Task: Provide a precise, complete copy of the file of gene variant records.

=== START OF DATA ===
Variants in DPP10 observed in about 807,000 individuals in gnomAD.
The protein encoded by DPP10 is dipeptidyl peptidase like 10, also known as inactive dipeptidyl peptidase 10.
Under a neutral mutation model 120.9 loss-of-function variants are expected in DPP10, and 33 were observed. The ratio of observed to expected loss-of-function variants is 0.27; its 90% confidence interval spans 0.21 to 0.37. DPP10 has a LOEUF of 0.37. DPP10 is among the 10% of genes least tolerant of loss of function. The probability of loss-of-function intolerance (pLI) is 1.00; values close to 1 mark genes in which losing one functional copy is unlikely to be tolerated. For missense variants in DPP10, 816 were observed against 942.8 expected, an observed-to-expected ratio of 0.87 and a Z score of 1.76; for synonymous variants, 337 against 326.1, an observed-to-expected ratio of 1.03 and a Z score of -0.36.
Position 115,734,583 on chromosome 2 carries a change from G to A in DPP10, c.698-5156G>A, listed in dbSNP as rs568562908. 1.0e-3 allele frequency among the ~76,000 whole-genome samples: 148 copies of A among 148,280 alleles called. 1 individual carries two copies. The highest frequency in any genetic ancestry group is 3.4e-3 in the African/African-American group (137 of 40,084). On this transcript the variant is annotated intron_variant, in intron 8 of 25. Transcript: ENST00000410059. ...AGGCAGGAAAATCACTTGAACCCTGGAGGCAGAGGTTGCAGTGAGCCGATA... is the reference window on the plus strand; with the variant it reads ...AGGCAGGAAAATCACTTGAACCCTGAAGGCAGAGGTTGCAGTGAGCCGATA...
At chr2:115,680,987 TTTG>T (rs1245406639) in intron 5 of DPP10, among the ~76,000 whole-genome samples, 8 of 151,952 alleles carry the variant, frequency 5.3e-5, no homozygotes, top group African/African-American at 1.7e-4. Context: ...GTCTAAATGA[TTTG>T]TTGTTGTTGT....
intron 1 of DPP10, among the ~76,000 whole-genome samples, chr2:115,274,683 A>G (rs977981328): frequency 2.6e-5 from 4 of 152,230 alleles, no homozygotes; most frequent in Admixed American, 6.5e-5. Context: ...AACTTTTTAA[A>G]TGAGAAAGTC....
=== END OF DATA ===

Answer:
Variants in DPP10 observed in about 807,000 individuals in gnomAD.
The protein encoded by DPP10 is dipeptidyl peptidase like 10, also known as inactive dipeptidyl peptidase 10.
Under a neutral mutation model 120.9 loss-of-function variants are expected in DPP10, and 33 were observed. The ratio of observed to expected loss-of-function variants is 0.27; its 90% confidence interval spans 0.21 to 0.37. DPP10 has a LOEUF of 0.37. DPP10 is among the 10% of genes least tolerant of loss of function. The probability of loss-of-function intolerance (pLI) is 1.00; values close to 1 mark genes in which losing one functional copy is unlikely to be tolerated. For missense variants in DPP10, 816 were observed against 942.8 expected, an observed-to-expected ratio of 0.87 and a Z score of 1.76; for synonymous variants, 337 against 326.1, an observed-to-expected ratio of 1.03 and a Z score of -0.36.
Position 115,734,583 on chromosome 2 carries a change from G to A in DPP10, c.698-5156G>A, listed in dbSNP as rs568562908. 1.0e-3 allele frequency among the ~76,000 whole-genome samples: 148 copies of A among 148,280 alleles called. 1 individual carries two copies. The highest frequency in any genetic ancestry group is 3.4e-3 in the African/African-American group (137 of 40,084). On this transcript the variant is annotated intron_variant, in intron 8 of 25. Transcript: ENST00000410059. ...AGGCAGGAAAATCACTTGAACCCTGGAGGCAGAGGTTGCAGTGAGCCGATA... is the reference window on the plus strand; with the variant it reads ...AGGCAGGAAAATCACTTGAACCCTGAAGGCAGAGGTTGCAGTGAGCCGATA...
At chr2:115,680,987 TTTG>T (rs1245406639) in intron 5 of DPP10, among the ~76,000 whole-genome samples, 8 of 151,952 alleles carry the variant, frequency 5.3e-5, no homozygotes, top group African/African-American at 1.7e-4. Context: ...GTCTAAATGA[TTTG>T]TTGTTGTTGT....
intron 1 of DPP10, among the ~76,000 whole-genome samples, chr2:115,274,683 A>G (rs977981328): frequency 2.6e-5 from 4 of 152,230 alleles, no homozygotes; most frequent in Admixed American, 6.5e-5. Context: ...AACTTTTTAA[A>G]TGAGAAAGTC....